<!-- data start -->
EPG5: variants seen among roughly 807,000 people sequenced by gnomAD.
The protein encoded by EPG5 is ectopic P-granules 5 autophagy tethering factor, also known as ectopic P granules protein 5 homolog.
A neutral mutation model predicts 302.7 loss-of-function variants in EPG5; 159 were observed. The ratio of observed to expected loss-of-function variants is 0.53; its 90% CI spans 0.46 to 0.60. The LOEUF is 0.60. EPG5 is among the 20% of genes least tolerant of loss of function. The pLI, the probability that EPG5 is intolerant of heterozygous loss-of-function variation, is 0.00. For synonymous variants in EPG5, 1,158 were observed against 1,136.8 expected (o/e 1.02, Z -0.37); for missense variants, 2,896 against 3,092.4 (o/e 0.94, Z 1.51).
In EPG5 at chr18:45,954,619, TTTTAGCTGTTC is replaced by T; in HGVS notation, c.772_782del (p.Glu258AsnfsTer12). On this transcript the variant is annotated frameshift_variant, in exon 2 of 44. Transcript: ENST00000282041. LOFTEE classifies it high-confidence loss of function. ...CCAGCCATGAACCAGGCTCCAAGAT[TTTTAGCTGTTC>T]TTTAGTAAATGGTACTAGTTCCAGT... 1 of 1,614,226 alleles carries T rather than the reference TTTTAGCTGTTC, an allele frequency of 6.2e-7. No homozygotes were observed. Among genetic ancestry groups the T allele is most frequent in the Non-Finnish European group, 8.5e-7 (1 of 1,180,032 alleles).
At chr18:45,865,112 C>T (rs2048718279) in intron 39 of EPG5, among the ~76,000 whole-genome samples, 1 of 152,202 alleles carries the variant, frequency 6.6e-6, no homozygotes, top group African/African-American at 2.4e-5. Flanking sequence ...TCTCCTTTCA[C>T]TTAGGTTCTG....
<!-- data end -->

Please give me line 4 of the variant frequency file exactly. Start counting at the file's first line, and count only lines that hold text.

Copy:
In EPG5 at chr18:45,954,619, TTTTAGCTGTTC is replaced by T; in HGVS notation, c.772_782del (p.Glu258AsnfsTer12). On this transcript the variant is annotated frameshift_variant, in exon 2 of 44. Transcript: ENST00000282041. LOFTEE classifies it high-confidence loss of function. ...CCAGCCATGAACCAGGCTCCAAGAT[TTTTAGCTGTTC>T]TTTAGTAAATGGTACTAGTTCCAGT... 1 of 1,614,226 alleles carries T rather than the reference TTTTAGCTGTTC, an allele frequency of 6.2e-7. No homozygotes were observed. Among genetic ancestry groups the T allele is most frequent in the Non-Finnish European group, 8.5e-7 (1 of 1,180,032 alleles).